Date of Completion


Embargo Period



Microfluidic SERS Nanostructures

Major Advisor

Yu Lei

Associate Advisor

Leslie Shor

Associate Advisor

James Rusling

Associate Advisor

Christian Bruckner

Associate Advisor

Christopher Cornelius

Field of Study

Chemical Engineering


Doctor of Philosophy

Open Access

Campus Access


In this Ph.D. project, microfluidics are used to manufacture and act as packaging for SERS experiments and a complete device for species analysis is created without the need for any further modification. The microfluidic fabrication techniques used to create the substrate are much more efficient than current techniques, requiring a fraction of the time and materials and allowing for both in-situ fabrication and detection to take place within the same microfluidic device. Fabrication of the SERS substrates is realized in this study using simple, cheap and efficient methods such as electrodeposition and galvanic replacement reactions.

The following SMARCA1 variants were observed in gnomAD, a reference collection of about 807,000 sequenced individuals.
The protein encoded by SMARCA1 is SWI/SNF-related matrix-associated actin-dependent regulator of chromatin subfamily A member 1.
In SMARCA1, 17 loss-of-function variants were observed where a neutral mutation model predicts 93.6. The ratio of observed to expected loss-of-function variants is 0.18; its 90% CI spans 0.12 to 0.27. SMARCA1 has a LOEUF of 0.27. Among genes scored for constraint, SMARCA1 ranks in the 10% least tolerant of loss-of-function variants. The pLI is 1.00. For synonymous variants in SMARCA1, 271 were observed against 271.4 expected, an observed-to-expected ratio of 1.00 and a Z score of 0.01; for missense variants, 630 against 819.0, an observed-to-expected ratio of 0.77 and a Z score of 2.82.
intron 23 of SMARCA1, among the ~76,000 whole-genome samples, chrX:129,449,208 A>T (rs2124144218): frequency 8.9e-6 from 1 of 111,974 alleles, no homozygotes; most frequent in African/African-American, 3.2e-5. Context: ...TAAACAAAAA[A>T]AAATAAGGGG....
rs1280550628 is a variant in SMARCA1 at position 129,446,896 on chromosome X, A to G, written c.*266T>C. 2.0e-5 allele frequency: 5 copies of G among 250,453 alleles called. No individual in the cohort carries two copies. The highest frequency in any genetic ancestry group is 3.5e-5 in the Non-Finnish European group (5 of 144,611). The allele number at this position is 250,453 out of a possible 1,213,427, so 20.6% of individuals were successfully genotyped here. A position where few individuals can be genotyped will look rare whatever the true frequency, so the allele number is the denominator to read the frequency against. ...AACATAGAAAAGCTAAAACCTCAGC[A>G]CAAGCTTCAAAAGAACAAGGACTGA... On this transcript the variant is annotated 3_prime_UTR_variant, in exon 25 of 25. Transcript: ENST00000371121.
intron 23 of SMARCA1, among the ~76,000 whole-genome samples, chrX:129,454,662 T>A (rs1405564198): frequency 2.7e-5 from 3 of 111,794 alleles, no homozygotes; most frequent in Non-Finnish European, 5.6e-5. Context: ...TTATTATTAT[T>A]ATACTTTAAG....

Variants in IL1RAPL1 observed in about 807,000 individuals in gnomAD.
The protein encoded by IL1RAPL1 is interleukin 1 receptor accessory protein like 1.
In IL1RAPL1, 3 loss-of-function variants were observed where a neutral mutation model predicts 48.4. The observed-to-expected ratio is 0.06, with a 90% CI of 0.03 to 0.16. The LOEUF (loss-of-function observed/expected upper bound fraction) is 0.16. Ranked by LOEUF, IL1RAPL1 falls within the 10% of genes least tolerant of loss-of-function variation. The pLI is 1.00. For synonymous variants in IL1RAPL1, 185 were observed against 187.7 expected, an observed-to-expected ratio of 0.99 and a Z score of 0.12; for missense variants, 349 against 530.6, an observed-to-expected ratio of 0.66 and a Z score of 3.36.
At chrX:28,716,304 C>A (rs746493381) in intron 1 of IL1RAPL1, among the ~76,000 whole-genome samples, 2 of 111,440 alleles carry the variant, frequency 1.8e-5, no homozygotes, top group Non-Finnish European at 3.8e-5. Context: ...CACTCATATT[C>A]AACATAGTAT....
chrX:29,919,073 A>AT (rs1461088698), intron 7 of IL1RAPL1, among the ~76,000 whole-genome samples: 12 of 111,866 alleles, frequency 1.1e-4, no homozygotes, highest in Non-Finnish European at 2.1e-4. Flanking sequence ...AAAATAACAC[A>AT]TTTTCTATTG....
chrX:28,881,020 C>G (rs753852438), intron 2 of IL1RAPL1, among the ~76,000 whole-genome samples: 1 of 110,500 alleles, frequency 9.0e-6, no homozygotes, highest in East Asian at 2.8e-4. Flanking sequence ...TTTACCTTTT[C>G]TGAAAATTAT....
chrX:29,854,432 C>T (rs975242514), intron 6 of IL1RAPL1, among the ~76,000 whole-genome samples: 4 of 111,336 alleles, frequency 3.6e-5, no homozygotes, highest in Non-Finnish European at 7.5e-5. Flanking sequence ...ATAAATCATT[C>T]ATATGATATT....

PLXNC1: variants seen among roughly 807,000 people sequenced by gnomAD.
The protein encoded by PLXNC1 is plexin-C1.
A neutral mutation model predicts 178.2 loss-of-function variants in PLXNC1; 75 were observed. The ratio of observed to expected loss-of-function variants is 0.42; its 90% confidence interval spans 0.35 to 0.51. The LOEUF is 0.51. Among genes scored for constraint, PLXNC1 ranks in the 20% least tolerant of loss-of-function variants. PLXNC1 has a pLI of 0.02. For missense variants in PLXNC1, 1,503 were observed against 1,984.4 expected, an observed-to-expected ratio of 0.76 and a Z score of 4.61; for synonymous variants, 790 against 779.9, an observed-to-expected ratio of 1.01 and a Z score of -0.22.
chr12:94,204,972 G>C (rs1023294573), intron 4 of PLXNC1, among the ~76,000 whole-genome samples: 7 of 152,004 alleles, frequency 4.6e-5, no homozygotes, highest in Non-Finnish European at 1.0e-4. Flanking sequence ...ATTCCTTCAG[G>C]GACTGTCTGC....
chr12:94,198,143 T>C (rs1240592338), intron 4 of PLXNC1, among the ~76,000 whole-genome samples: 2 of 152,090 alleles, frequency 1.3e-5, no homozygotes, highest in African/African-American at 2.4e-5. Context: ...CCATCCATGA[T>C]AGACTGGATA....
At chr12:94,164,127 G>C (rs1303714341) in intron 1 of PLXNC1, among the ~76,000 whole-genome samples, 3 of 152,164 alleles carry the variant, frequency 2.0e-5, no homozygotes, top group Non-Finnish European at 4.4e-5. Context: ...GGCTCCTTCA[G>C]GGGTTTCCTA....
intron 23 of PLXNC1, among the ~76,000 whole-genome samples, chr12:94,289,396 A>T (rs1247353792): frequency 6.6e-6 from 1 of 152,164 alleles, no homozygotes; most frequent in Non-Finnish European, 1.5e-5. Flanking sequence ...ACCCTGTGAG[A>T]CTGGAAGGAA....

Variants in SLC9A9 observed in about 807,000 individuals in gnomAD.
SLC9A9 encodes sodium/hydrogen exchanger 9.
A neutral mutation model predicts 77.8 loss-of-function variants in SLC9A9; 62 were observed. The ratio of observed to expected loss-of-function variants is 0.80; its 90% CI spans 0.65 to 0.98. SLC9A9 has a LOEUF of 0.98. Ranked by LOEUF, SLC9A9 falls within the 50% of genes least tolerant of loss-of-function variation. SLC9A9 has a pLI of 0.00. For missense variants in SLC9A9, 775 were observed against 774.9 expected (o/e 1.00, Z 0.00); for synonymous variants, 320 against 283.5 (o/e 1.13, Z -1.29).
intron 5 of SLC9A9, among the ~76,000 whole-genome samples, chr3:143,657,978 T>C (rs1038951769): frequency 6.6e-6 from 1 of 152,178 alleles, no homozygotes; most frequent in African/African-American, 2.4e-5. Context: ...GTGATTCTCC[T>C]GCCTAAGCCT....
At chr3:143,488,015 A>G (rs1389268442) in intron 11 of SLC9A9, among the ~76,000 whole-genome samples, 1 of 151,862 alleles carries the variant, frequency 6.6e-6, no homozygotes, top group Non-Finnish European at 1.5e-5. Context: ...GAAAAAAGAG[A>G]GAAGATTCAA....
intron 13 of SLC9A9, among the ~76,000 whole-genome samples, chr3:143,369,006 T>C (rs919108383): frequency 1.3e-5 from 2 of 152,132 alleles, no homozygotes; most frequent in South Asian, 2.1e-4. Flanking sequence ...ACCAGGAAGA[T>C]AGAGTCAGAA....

Once the fabrication of the device was complete SERS experiments were first run using crystal violet as a model testing compound, demonstrating single molecule sensitivity. Adsorption kinetics of the substrate was further studied to better understand the effects of fluid flow and the microfluidic device on the SERS signal. As a demonstration for real applications, work then focused on the detection of real world analytes and contaminants, such as pesticides and E. coli. Multiple pesticides were tested and DFT simulations were performed to better understand how the pesticides were adsorbing to the SERS surface. Finally, regeneration of the SERS substrate and the addition of other microfluidic tools, such as deterministic lateral displacement were employed in an attempt to create an entirely stand-alone, real world SERS detection system.